Good news everybody

The CDC  has released their initial 2015 uninsured population counts.  Good news, for all residents of the US in the US through September 2015.  Remember, this percentage will go down a bit more as Montana and Alaska are expanding Medicaid and the 2016 Open Enrollment period pulled in more people.

 

CDC 2015 uninsured rate

These numbers are a bit lower than Gallup and other sources because this data set includes kids and the elderly.  Both of those groups tend to have a higher insurance rate because there are more government programs aimed at those two populations.  Working age adults have a slightly higher than national average uninsured rate.






47 replies
  1. 1
    rikyrah says:

    Thanks for the info, Mayhew.

  2. 2
    OzarkHillbilly says:

    I blame Obama.

  3. 3
    Big R says:

    With President Trump, those bars will be YOOGE and CLASSY. Not shrinking, like with that low-energy Obama.

  4. 4
    guachi says:

    Thanks, Obama!

    And thanks, Mr. Mayhew. I post things like this to my Facebook page as I think it’s important for people to be aware of facts about such a big government program. Of course, I’m in favor of the program. But I try to keep the posts I make about it as fact based and anodyne as possible.

  5. 5
    MomSense says:

    Where would it be if the psycho states could expand Medicaid?

    Apparently our legislature is going to try again. Send good thoughts our way.

  6. 6
    Eric U. says:

    @MomSense: what state are you in? The lege is trying to get rid of Medicaid expansion?

    I just saw a Bernista walking across Penn State UP campus with a Bernie sign. I was thinking about telling him not to be discouraged if Bernie gets beaten badly on Tuesday

  7. 7
    Marc says:

    Something that I admit I don’t understand: given the structures in the affordable care act, how do you end up uninsured? Are these all people who decided to pay the fines for not being covered?

  8. 8
    p.a. says:

    This is great. About 10 yrs ago I knew 2 couples who legally adopted their grandkids because they had health insurance but the kids’ (working, waitress/handyman type jobs) parents didn’t. This also meant they couldn’t retire if their insurance didn’t follow them. They were approaching 65, but not there yet.

  9. 9
    hueyplong says:

    This happy news is what Republicans have fought against, tooth and nail, ever since ACA was passed in the first of their Stalingrad defenses against ever seeing graphs like this. (Or since their successful demonization of HillaryCare in 1993).

    And now they’re fighting tooth and nail to prevent a Supreme Court majority that will make this happy bar graph safe beyond their ability to conjure dozens of new, specious, legal theories, apparently because Leviticus mandates a 5-4 conservative majority.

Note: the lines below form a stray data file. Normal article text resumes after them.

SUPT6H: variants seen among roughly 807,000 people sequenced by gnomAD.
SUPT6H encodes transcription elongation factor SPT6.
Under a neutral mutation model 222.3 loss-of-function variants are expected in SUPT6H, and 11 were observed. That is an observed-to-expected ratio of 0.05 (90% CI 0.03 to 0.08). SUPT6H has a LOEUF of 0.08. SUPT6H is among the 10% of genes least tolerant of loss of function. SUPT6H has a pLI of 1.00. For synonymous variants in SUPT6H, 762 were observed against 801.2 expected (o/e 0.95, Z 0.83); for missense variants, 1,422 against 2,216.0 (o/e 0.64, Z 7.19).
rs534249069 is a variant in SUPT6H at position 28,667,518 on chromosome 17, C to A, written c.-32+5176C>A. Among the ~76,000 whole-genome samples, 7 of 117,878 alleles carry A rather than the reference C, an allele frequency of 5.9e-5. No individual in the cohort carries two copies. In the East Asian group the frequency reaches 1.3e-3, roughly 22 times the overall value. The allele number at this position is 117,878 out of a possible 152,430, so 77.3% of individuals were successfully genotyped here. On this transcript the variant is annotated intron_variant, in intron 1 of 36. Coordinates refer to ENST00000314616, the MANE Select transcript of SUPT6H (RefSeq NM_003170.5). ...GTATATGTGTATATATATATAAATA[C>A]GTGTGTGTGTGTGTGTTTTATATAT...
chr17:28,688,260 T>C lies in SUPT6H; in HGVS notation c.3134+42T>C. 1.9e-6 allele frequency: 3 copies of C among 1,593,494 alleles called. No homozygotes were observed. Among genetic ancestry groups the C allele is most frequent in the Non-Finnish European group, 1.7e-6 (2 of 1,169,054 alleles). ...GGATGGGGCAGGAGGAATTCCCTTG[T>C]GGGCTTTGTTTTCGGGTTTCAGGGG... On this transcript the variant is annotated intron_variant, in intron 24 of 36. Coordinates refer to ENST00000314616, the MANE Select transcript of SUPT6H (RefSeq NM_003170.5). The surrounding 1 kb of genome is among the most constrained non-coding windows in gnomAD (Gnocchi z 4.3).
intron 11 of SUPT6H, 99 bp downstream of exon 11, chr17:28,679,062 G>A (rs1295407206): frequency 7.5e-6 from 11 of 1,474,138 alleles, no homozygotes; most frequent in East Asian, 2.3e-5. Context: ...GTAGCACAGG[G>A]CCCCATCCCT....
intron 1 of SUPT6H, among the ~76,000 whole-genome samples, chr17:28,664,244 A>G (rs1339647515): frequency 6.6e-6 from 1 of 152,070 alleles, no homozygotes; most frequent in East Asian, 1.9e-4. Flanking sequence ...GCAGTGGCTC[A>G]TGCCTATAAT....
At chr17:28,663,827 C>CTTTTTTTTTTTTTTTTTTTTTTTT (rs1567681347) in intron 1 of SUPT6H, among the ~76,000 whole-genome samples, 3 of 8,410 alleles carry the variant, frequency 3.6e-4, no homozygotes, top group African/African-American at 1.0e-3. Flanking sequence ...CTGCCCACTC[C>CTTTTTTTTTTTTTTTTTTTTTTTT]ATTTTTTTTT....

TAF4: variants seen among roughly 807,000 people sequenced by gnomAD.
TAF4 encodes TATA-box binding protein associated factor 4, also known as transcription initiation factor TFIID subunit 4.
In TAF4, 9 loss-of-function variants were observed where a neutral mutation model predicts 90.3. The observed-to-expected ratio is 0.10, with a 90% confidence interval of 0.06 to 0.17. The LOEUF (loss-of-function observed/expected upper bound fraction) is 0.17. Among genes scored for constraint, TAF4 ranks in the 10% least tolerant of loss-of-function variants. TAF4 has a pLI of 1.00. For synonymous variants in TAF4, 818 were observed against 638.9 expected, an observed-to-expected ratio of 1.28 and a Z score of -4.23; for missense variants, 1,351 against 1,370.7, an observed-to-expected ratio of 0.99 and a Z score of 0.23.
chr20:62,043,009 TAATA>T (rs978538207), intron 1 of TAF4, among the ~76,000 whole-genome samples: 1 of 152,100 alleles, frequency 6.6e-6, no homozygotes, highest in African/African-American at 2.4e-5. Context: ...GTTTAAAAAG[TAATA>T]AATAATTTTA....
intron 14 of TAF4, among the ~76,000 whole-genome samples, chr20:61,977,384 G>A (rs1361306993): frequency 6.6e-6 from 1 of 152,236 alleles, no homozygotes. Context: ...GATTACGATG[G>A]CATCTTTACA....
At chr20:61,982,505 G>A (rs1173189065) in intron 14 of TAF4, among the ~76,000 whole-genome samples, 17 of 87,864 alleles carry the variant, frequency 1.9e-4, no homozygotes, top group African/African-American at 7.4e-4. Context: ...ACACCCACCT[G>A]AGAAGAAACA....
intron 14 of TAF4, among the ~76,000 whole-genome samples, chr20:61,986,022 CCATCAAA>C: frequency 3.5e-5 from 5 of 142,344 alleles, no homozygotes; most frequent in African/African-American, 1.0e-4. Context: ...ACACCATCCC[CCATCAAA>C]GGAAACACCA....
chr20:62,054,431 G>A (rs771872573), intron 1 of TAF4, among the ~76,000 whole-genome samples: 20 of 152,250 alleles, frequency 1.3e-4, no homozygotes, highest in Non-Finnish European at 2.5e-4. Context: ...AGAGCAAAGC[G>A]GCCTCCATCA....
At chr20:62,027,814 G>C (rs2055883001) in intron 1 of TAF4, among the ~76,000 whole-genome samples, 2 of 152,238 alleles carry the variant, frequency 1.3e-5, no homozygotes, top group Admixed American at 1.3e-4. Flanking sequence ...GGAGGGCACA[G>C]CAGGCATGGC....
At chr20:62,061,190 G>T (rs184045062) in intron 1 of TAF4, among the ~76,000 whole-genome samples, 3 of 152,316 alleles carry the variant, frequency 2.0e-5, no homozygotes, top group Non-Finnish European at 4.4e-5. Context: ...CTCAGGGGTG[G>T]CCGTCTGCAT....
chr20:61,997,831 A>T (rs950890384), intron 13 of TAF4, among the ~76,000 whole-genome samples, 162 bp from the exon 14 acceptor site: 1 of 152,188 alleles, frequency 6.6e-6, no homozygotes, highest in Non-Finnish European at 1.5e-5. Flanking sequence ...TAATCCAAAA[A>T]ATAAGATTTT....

If Hillary (or Sanders) wins in November but the GOP retains the Senate, they’ll claim that “the American people” gave them a mandate to refuse to confirm anyone to the left of the late justice a-mouldering in his grave.

    Watch it happen.

  10. 10
    RaflW says:

    Emperor Trump will fix these sagging numbers! That’s the sign of a successful billionaire … charts showing growth, amirite?

    (eta: Or what Big R said)

  11. 11
    Xantar says:

    @Marc:

    For some people, the premiums are genuinely unaffordable even with subsidies. 9.5% of income is a pretty hefty chunk, and the tax penalty is going to be considerably less.

    Of course, paying the tax penalty means you don’t have insurance, but for some people that’s the only choice they have. It’s not totally irrational.

  12. 12
    MomSense says:

    @Eric U.:

    Maine. The legislature is going to try and get a combo private insurance/Medicaid expansion through. LePage’s administration opposes the bill. It’s sponsored by a Republican btw.

  13. 13
    cmorenc says:

    Still waiting for any concrete specifics about the HOOGE replacement plan the GOP has to replace Obamacare with. The ugly truth is that their true conservative vision for what healthcare insurance should be is pretty much a more lightly regulated version of the pre-ACA private health insurance system, supplemented by the ability of insurers to sell junk policies across state lines + tax-exempt health savings accounts people contribute a share of their wages to, like IRAs. The common thread here is the fundamental belief that individual people only deserve as much health insurance as they can pay for themselves in the private market, because otherwise the takers are dragging down the makers and the free market can’t operate. They realize they cannot politically directly attack medicare, so they’re going to try to turn that into a means-based block grant + private insurance subsidy system that they can then erode support for as a welfare-type program rather than universal entitlement. BOTTOM LINE is that they simply don’t believe the federal government has any legitimate role assuring individual health care insurance, and any plan they come up with has erosion of the program to an eventual vanishing point baked into the design.